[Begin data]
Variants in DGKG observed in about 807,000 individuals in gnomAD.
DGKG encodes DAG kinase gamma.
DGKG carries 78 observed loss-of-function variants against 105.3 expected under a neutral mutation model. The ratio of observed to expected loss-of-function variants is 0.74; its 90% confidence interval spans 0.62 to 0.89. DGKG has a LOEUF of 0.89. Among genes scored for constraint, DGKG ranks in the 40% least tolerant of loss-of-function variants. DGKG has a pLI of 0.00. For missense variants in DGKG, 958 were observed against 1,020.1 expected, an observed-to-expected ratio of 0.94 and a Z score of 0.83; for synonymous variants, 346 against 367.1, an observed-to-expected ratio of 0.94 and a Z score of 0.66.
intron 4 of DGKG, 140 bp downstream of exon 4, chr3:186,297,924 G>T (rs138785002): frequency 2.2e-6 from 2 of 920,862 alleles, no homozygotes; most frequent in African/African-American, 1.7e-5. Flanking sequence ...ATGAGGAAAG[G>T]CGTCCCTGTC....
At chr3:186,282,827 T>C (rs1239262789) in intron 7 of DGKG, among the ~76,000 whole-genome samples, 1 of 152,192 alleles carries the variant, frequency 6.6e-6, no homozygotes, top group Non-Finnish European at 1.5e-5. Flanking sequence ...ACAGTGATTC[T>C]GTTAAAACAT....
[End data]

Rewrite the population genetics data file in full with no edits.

Variants in DGKG observed in about 807,000 individuals in gnomAD.
DGKG encodes DAG kinase gamma.
DGKG carries 78 observed loss-of-function variants against 105.3 expected under a neutral mutation model. The ratio of observed to expected loss-of-function variants is 0.74; its 90% confidence interval spans 0.62 to 0.89. DGKG has a LOEUF of 0.89. Among genes scored for constraint, DGKG ranks in the 40% least tolerant of loss-of-function variants. DGKG has a pLI of 0.00. For missense variants in DGKG, 958 were observed against 1,020.1 expected, an observed-to-expected ratio of 0.94 and a Z score of 0.83; for synonymous variants, 346 against 367.1, an observed-to-expected ratio of 0.94 and a Z score of 0.66.
intron 4 of DGKG, 140 bp downstream of exon 4, chr3:186,297,924 G>T (rs138785002): frequency 2.2e-6 from 2 of 920,862 alleles, no homozygotes; most frequent in African/African-American, 1.7e-5. Flanking sequence ...ATGAGGAAAG[G>T]CGTCCCTGTC....
At chr3:186,282,827 T>C (rs1239262789) in intron 7 of DGKG, among the ~76,000 whole-genome samples, 1 of 152,192 alleles carries the variant, frequency 6.6e-6, no homozygotes, top group Non-Finnish European at 1.5e-5. Flanking sequence ...ACAGTGATTC[T>C]GTTAAAACAT....